Artisan using a backloom to create a scarf

Jorge gave us a lot of background on the indigenous people. (First, a little background on Jorge. He speaks English, Spanish, and Quichua and can do everything from sell you a house to fix your computer. When he’s not teaching university students math and physics, that is. I’m telling you, this is a Renaissance man.)

Jorge explained that each village had a specialty, and within that specialty are subspecialties. For example, in Iluman, they are famous for making hats. Some people make doll hats, some make felt hats, and some make the famous Panama hats (which are actually from Ecuador and not Panama, surprisingly enough). When the other villages need hats, they go to a community like Iluman. When the hatmakers in Iluman need a sweater or poncho, they will go to the villages that specialize in those products.

What has happened over time is that middlemen have come through and modernized the process by giving some of the artisans material and patterns to make a particular item in bulk. They make many of the same sweater, poncho, or tapestry, and the middleman picks them up a few weeks later to sell or export. The artisan is paid and doesn’t have to find his or her customers.

Betsy tries to card wool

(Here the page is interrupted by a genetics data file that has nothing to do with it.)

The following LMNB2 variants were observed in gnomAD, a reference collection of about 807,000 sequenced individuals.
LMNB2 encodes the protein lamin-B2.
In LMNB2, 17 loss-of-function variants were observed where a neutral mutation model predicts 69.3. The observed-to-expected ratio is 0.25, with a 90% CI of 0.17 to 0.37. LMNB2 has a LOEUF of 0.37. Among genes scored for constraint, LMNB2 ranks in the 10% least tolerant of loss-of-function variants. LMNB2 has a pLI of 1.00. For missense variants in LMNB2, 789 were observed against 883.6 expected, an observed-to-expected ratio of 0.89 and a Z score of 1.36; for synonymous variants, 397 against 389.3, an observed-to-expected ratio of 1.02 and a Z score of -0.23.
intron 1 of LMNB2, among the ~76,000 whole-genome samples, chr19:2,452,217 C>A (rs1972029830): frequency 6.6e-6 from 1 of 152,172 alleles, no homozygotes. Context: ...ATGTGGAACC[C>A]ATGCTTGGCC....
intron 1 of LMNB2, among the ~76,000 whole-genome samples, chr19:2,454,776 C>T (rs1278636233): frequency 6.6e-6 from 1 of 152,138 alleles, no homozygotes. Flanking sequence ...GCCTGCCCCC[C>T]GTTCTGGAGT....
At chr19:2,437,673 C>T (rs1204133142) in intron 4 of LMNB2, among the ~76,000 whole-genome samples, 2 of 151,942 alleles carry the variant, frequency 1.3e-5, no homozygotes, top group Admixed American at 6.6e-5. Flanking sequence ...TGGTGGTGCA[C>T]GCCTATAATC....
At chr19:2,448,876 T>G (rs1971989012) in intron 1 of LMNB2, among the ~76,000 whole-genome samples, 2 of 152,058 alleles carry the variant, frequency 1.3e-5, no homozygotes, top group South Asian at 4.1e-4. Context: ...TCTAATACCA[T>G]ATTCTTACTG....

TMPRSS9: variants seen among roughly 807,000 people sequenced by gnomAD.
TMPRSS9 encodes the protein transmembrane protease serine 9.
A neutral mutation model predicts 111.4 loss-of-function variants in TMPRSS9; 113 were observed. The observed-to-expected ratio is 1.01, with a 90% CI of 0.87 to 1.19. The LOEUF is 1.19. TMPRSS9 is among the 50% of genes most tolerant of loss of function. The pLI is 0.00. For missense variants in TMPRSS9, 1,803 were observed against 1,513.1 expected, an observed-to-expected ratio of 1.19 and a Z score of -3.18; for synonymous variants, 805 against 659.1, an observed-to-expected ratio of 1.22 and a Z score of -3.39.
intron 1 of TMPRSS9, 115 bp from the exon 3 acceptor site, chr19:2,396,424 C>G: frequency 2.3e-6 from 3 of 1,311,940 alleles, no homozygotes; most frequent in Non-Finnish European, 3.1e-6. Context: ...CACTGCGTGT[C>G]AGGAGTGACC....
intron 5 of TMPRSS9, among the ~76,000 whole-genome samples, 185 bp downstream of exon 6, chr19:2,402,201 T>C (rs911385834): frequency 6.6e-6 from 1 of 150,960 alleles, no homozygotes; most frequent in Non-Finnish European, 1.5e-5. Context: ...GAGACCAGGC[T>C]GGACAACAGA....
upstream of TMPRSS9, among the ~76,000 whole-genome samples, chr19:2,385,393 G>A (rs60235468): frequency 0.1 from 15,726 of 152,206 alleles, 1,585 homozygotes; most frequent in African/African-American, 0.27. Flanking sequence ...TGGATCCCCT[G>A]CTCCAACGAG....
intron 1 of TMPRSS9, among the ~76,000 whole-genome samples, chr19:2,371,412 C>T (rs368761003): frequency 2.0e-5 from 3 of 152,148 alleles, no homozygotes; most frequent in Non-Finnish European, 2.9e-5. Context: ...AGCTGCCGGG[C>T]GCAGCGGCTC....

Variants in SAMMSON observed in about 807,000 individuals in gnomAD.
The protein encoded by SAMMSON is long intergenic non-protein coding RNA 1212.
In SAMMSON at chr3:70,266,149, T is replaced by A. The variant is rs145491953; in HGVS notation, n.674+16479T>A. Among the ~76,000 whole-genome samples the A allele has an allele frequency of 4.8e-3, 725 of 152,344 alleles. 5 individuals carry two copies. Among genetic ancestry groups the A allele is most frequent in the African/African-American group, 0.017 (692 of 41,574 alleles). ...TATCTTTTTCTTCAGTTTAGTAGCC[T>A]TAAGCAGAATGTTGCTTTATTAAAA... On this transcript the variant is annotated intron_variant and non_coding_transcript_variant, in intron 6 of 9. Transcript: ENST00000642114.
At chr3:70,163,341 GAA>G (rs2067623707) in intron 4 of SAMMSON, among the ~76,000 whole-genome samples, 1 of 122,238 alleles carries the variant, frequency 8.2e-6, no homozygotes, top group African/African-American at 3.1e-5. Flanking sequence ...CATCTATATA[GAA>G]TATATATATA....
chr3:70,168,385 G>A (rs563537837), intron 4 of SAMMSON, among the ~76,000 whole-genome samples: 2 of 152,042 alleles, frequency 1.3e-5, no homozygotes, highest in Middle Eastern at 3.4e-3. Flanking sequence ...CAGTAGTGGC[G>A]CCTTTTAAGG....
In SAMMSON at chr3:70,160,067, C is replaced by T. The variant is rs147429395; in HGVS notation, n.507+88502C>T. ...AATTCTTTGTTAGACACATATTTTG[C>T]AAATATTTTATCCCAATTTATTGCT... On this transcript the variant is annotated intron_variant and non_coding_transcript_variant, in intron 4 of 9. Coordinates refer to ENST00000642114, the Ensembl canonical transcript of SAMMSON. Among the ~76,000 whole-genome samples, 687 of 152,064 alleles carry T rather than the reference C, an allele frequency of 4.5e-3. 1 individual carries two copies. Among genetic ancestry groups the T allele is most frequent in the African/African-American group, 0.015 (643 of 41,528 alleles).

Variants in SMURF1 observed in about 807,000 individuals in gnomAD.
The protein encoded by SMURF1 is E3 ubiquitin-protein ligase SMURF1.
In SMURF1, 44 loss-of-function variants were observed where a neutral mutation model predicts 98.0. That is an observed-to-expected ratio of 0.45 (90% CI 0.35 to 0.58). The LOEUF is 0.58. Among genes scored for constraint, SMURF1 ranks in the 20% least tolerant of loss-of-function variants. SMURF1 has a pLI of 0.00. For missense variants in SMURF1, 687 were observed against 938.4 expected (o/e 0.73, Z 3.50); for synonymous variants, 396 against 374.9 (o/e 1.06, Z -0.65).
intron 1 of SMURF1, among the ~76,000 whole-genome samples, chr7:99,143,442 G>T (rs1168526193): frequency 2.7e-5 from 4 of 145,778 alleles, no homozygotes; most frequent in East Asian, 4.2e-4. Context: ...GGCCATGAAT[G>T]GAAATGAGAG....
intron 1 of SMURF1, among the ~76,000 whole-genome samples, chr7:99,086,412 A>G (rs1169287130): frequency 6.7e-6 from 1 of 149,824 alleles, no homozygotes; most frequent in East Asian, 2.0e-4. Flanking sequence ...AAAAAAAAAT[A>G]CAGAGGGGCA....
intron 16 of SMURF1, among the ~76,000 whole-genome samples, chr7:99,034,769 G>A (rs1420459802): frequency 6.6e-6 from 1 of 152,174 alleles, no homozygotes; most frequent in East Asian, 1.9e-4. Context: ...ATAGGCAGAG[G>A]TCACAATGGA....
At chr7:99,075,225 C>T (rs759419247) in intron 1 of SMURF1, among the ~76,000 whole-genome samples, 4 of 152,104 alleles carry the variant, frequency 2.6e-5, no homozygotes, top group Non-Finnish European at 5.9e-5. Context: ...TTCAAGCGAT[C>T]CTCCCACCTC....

Carding wool is much harder than it looks

A hatmaker in Iluman, Ecuador

Ironing felt hats in Iluman

The downside to this is that the middleman creates the product based on tourist demand, so the artisans are using colors and patterns they would never use on their own. And in some instances, they are using factory-made materials and acrylic yarn instead of making their own wool yarn.

You can’t really blame them. When it comes to putting food on the table, do you want to go with your artistic sensibilities or create something below your skill level for a guaranteed paycheck?

Jorge took us into the indigenous villages surrounding Otavalo, and we actually went into people’s homes to see them work. The roads into the indigenous villages are dirt, and we walked through pigs, chickens, children at play, and barking dogs – not to mention the messes they leave behind – to get to these modest homes.

A stack of hats ready to go to market